In this peer-reviewed essay, the implication of Pierre Bourdieu’s insight that sports are ways of knowing with the body that are to a large extent taught silently, transferred from the teacher to body of students, often without ever reaching the level of verbal utterances is under scrutiny. The body produced through the Physical Education curriculum is increasingly enmeshed in what Pierre Bourdieu referred as the “cult of the natural and authentic.” Such a body enables a more autonomous cultural field of sport compared to nationalism’s epic body, since it no longer places nations in a necessarily antagonistic relation to each other. Instead, the impure and unnatural pose as new opponents of the sporting body. Sports increasingly function to signify excessive and ineffable aspects of our existence. Bourdieu’s notion of illusio shows how sport participants can arrive at this understanding through an experience of the seductive character of sports.

“Spectacular sports as desire engine” in International Journal of Zizek Studies (IJZS), ISSN 1751-8229, Vol. 3, No 3., 2009.

In this essay, the notion of acephalic knowledge is discussed as a possible point from which to launch ideological critique. Acephalic knowledge is situated in a body that is without head and without heart, i.e. it is a kind of knowledge that is prior to reason and emotion. As Slavoj Žižek states, it provides a «thou art that», or a kind of recognition that the subject cannot but accept since it articulates the very kernel of the subject’s being. When we are stripped of our emotional and intellectual defenses – when we are placed in a state of subjective destitution – we are in a position to recognize this kind of knowledge. Here we ask if mass mediated sports can provide an experience of such subjective destitution.

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Schopenhauer’s lineage

Posted on 15 Dec 2016.
Heiligegeistgasse, Danzig
Heiligegeistgasse, Danzig: Schopenhauer’s birth place


Schopenhauer is well known for his assertion that what disappears with our demise is the most vulgar and uninteresting part of our existence: in other words, when we die our individuality goes away. That is not to say that everything that is us disappears with our final day of light. In the essay on “Immortality: a dialogue,” Schopenhauer puts it thus:

As far as you are an individual, death will be the end of you. But your individuality is not your true and inmost being: it is only the outward manifestation of it. It is not the thing-in-itself, but only the phenomenon presented in the form of time; and therefore with a beginning and an end. But your real being knows neither time, nor beginning, nor end, nor yet the limits of any given individual. It is everywhere present in every individual; and no individual can exist apart from it. So when death comes, on the one hand you are annihilated as an individual; on the other, you are and remain everything. (p.405 in T. Bailey Saunder’s translation)

What is less trumpeted is that Schopenhauer should have drawn some of his ideas from his colleague Spinoza, who wrote some 200 years earlier. Spinoza held that there really is only one substance – God – and everything else is part of this single substance. As Bertrand Russell noted in his History of Western Philosophy, Spinoza made this claim in distinction to  Descartes, who had made a clear separation between mind – which is the element that allows us to connect with God – and matter, our physical, machine-like substance. What sets us apart from the determinism of matter was to Descartes our ability to perceive ideas, or, in his famous dictum, our ability to think: I think therefore I am.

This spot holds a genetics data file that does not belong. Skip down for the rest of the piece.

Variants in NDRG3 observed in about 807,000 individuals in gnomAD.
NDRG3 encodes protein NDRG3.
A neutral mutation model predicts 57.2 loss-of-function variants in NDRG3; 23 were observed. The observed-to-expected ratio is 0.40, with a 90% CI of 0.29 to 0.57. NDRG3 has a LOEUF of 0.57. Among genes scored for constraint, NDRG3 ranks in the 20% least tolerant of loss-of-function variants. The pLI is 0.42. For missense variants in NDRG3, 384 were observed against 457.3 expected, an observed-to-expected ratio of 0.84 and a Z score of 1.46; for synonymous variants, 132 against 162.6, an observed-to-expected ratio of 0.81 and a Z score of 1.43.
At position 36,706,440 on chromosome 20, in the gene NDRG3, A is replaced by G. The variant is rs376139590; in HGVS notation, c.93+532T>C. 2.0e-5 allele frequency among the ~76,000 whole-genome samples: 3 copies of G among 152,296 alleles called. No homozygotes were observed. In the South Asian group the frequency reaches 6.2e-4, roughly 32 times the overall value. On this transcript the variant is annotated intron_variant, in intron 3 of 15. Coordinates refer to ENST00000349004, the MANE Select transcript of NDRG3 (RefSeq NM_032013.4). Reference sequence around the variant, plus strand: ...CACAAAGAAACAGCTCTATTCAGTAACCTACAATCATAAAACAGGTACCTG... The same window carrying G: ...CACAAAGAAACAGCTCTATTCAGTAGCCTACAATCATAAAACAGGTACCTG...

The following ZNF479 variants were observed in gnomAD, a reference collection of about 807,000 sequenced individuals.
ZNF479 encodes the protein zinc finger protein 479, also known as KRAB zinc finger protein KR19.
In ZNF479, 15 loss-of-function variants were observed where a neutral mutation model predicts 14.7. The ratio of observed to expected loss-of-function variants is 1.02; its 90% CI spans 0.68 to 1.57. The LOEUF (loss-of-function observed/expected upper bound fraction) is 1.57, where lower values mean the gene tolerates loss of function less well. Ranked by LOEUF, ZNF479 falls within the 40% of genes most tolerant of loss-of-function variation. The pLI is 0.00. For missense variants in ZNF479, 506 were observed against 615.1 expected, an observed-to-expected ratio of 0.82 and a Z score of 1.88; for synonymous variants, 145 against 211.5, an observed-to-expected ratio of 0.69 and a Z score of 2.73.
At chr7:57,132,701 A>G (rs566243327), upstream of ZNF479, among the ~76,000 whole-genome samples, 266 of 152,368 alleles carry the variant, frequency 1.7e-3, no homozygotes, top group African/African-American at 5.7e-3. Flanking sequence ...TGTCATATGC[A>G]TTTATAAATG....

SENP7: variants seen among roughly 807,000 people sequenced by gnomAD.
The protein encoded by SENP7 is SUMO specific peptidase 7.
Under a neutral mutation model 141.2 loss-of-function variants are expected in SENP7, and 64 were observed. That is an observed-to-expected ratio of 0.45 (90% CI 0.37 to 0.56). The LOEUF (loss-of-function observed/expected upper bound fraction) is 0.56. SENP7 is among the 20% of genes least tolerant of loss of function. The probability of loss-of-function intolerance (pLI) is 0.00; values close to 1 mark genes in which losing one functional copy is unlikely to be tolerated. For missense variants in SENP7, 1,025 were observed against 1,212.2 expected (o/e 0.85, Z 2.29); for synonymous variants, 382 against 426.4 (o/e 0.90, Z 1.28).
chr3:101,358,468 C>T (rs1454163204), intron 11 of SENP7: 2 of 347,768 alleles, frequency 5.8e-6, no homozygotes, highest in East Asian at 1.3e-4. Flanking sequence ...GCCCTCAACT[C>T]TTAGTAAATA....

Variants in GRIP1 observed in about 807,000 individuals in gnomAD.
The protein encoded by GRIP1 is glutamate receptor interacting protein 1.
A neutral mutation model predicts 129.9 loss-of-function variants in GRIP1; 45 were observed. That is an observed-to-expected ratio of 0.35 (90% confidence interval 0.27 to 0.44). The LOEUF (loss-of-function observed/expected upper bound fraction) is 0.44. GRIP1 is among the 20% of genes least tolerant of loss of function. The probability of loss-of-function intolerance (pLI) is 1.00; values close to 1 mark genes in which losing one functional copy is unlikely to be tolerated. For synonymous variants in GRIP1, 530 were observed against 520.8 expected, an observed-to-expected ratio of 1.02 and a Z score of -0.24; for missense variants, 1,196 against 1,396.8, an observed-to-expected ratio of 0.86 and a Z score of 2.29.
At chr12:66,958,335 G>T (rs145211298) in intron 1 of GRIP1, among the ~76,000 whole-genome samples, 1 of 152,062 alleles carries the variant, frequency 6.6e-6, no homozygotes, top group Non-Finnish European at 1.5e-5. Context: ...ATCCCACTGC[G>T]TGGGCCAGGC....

Russell notes in no uncertain terms that Spinoza would take exception from this view: God is not only omnipotent, but is in fact everything. Thought and extension are attributes of this single substance, and, subsequently,

Individual souls and separate pieces of matter are, for Spinoza, adjectival; they are not things, but merely aspects of the divine Being. There can be no such personal immortality as Christians believe in, but only that impersonal sort that consists in becoming more and more one with God. (p. 571)

What is crucial is to perceive the way in which Spinoza arrived at a conclusion remarkably similar to Schopenhauer’s well-known rejection of individual immortality some centuries later: individuality is nothing but an aspect of our “true and inmost being,” and this being is timeless.

It follows that, for Spinoza, logical necessity is not limited to the material domain (as noted in this blog post): “Everything that happens is a manifestation of God’s inscrutable nature, and it is logically impossible that events should be other than they are” (ibid.).

Our path to contentedness? To find peace in the wisdom of knowing that things are the way they are by necessity, and that they could not be otherwise.

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About Torgeir Fjeld
Writer, publisher, and educational administrator, holding PhDs in Philosophy (EGS, 2017) and Cultural Theory (Roehampton, 2012). Latest publications include Introducing Ereignis: Philosophy, Technology, Way of Life (2022) and Rock Philosophy (2019) and articles in Sport, Ethics and Philosophy, International Journal of Žižek Studies, and others. Presently serving as Head of Ereignis Center for Philosophy and the Arts, Publisher at Tankebanen forlag, and Editor-in-Chief of the peer-reviewed journal Inscriptions. Fjeld has taught at universities across North America, Europe, and Africa. Here is section dedicated to poetry in translation. This page has a cookie policy.